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Fortie Label Fashion Revolution

How to get into ethical fashion, according to four labels already doing it

Rounding off Fashion Revolution Week, the designers behind Fortie Label, Birdsong, Hanger, and Such A Fan give their tips on embracing sustainable practices

Five years after the Rana Plaza factory collapse – which cost the lives of 1,138 people in Bangladesh – social enterprise Fashion Revolution continues its fight for greater transparency with the #whomademyclothes campaign on social media. Starting with the release of the 2018 Fashion Transparency IndexFashion Revolution Week has rallied a global community across events, such as open studios, thought-provoking talks and engaging workshops, to make ethical fashion the mainstream.

Part of those events was a panel hosted by collective and indie magazine gal-dem, who invited four up-and-coming designers – behind labels Fortie Label, Such A FanBirdsong, and Hanger Inc – to share their advice on growing sustainable labels. All different in their respective approaches, Essie Buckman of Fortie Label creates urban and luxurious garments with upcycled material for fierce, multi-faceted women, while Such A Fan’s Ibiye Camp paints portraits of pop-culture influencers, including Rihanna and Kanye West, on reclaimed denim. Sophie Slater appeared on behalf of feminist brand Birdsong, who work with women’s organisations to create sweatshop-free products, while rounding off the group was Claire Yurika Davis of Hanger, the eco-friendly Latex label blending British and Japanese heritages while remaining sexy and wearable. 

The discussion was intended to open up on the issues that sustainable fashion faces, from each of the designers’ own experience, to develop ethical business – or personal – practices. “If you care about the planet, about the world, you care about your business, your brand and your product, it will just naturally flow to you and it doesn’t have to become your main, core selling point,” said Buckman. “It’s just being smarter in your choices and your business and how you run things, and building your team and informing people.”

Here, we round-up the best tips for starting your own ethical fashion label. 


“It just takes time and a little bit of research to look at things a bit further. How can I make a certain aspect of my business a bit more ethical, a bit more sustainable, a bit more earth-friendly, human-friendly? It doesn’t have to be a massive step.” – Essie Buckman, Fortie Label

“It should just be a practice, it should be a thing that flows with the way you work and the way you’re implementing your business. It should just be something that is part of you, part of your business and part of your brand ethos, your USP. I feel like it becomes a bit gimmicky when it becomes your only UPS and your only thing.” – Essie Buckman, Fortie Label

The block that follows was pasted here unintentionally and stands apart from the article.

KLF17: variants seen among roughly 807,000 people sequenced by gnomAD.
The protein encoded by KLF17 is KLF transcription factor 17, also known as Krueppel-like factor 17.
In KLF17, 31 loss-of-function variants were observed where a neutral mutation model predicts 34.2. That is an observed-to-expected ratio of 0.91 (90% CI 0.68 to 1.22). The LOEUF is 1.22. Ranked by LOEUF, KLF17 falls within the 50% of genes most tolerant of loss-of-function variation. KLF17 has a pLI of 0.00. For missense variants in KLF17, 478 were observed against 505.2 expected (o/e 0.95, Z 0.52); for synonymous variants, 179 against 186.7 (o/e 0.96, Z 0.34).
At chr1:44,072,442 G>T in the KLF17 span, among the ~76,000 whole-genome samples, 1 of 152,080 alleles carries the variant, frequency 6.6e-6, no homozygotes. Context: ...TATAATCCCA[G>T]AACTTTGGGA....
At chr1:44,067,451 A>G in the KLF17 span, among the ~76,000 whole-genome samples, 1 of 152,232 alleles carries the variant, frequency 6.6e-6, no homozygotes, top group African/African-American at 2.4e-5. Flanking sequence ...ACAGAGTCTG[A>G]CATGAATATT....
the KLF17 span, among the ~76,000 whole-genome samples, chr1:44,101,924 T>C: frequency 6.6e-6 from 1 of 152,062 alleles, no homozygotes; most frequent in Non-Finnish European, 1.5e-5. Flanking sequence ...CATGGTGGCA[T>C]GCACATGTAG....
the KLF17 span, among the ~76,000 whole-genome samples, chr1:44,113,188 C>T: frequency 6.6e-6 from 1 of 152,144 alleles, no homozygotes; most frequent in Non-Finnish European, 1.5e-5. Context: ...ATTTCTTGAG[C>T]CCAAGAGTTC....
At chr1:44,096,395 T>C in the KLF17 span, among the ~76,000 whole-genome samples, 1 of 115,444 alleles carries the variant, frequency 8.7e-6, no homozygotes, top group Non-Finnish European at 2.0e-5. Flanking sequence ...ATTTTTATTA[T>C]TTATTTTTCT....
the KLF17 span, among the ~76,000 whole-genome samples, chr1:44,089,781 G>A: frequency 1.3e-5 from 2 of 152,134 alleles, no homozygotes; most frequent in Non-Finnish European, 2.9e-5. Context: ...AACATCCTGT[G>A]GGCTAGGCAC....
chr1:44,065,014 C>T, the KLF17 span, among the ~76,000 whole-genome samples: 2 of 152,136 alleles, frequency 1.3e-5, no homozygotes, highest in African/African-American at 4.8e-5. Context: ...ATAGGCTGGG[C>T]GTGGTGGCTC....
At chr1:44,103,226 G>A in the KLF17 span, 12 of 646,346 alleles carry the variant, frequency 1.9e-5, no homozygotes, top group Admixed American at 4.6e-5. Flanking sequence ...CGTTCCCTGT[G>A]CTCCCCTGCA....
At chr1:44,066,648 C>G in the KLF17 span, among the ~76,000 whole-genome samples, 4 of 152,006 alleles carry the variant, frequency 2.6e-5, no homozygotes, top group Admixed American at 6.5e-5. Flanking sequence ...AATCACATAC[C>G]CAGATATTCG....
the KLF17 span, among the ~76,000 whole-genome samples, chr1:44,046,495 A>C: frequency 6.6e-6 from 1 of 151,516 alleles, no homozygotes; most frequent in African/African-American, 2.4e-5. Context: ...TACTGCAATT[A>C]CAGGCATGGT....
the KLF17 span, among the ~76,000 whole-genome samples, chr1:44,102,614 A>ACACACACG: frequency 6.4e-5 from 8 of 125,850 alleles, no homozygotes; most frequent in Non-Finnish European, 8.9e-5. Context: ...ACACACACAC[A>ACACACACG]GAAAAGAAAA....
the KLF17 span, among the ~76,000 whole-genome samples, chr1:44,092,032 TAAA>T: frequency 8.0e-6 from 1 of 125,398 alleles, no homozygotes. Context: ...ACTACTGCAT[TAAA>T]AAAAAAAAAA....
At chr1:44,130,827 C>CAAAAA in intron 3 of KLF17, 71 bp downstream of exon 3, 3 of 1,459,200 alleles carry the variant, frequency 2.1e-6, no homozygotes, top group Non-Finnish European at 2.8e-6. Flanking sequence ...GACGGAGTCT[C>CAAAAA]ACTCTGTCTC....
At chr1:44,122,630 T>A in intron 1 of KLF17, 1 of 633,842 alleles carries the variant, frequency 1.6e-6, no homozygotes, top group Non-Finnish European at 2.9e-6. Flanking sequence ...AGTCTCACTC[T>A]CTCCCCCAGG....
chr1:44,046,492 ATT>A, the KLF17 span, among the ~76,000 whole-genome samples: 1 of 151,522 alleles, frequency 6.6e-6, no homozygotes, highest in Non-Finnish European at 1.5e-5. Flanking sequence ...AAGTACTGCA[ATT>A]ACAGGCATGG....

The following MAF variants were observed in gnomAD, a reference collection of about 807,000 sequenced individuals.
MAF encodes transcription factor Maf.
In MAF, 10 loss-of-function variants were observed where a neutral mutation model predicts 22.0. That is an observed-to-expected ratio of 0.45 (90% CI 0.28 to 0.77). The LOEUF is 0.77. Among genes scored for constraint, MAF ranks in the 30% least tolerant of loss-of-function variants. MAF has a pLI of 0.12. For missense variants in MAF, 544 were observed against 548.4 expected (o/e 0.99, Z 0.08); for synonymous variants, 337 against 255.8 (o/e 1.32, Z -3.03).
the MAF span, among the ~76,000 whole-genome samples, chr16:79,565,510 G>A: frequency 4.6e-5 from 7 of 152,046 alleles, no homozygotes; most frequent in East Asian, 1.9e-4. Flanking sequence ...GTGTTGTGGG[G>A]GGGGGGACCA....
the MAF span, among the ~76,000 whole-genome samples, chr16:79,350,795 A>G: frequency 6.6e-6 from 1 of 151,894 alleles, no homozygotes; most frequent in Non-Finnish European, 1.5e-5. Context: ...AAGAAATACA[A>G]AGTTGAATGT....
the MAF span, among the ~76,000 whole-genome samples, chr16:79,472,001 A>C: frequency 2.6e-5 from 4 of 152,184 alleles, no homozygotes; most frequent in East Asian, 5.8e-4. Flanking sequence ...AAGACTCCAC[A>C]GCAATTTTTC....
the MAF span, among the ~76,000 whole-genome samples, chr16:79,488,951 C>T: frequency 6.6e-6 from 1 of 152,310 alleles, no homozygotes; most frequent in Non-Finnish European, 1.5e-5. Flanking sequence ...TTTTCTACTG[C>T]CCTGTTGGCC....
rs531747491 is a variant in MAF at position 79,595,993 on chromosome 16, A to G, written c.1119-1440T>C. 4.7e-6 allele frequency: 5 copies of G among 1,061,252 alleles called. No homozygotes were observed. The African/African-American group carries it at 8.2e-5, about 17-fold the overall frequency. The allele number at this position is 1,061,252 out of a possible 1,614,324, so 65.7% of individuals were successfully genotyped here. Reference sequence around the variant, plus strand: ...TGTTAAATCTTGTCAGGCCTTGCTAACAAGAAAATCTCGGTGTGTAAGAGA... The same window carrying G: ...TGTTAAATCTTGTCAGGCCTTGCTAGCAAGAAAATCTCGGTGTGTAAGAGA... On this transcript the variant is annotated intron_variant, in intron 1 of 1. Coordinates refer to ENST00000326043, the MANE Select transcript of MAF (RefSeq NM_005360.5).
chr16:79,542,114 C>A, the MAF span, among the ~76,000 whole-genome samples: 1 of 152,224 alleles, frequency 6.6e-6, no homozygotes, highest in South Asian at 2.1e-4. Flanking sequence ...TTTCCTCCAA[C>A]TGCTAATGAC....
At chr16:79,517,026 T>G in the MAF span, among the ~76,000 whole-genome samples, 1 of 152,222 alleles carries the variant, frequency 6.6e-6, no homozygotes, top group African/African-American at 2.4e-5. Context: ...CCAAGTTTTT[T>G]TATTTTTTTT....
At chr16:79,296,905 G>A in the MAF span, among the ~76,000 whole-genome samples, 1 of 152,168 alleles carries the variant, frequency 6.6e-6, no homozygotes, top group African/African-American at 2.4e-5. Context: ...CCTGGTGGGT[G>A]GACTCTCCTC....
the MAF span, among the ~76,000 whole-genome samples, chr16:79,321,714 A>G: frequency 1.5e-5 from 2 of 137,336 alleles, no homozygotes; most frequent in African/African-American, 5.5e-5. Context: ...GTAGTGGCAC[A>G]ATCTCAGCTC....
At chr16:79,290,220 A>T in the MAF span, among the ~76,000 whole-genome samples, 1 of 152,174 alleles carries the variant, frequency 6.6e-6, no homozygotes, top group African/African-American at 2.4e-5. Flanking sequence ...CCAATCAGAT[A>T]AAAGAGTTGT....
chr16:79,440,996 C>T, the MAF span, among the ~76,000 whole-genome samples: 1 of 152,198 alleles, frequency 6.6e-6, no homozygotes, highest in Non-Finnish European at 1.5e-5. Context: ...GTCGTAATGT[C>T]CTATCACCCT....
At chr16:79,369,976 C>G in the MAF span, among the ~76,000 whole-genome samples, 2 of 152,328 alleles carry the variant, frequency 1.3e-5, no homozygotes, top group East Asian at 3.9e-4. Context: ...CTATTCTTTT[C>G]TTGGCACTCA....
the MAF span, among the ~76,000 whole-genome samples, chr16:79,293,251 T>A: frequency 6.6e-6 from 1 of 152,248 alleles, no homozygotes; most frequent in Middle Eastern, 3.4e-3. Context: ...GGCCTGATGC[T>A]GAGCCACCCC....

“I’ve always used whatever is cheapest and if you want to create, you always have to think about how much you’re spending and whether or not it’s worth going to the best art shop in East London to get the best canvas. Sometimes what is on your front door is more useful and the textures are more interesting so I’m more curious of that kind of work.” – Ibiye Camp, Such A Fan

“When you’re starting a label, it’s quite easy to be sustainable because a lot of the time you’ll be doing a lot of upcycling, finding things that exist and you don’t need to buy because you’ve got no money. Everything is about just reusing stuff naturally.” – Claire Davis, Hanger Inc


“Offering flexible, really friendly work where it’s not like a factory where they’ve got deadlines, that’s the whole point of Birdsong. It’s not a factory, it’s a social cycle, and they can chat and bond. We know the names of every single maker and they come around the house for tea.” – Sophie Slater, Birdsong

“As a young designer, you have the power to see who’s actually making your stuff. You know where you’re getting your fabric, you know all of those small nuances within your chain pretty much.” – Claire Davis, Hanger Inc


“There’s some things that are harder, like when you want to get a lot of fabric, it’s quite hard with sustainable fabric. Those kind of obstacles still exist and that’s why, me personally, all of my stuff is made in London. My factory for weaving is in Forest Gate, my t-shirts are printed in Leicester, and all the Latex I’ve been making in the studio in Hackney Downs. So at least I know that everything is manufactured by people that I know” – Claire Davis, Hanger Inc

“All of our clothes are manufactured by women’s groups and charities, mostly in East London. We have two groups of hand knitters, one based in Enfield and one based in Kingston. Because with ethical fashion it has to be product-led, it has to be amazing. You’re not going to sacrifice your style.” – Sophie Slater, Birdsong


“There’s ways to practice using what you have, like going back to the craftiness. Cut the hem off, if you can’t sew get your friend – someone like me – who will take the hem off or leave it raw. There’s always ways, and obviously you can’t everything from your wardrobe change where it comes from now, but there’s ways to use that stuff to a better end.” – Claire Davis, Hanger Inc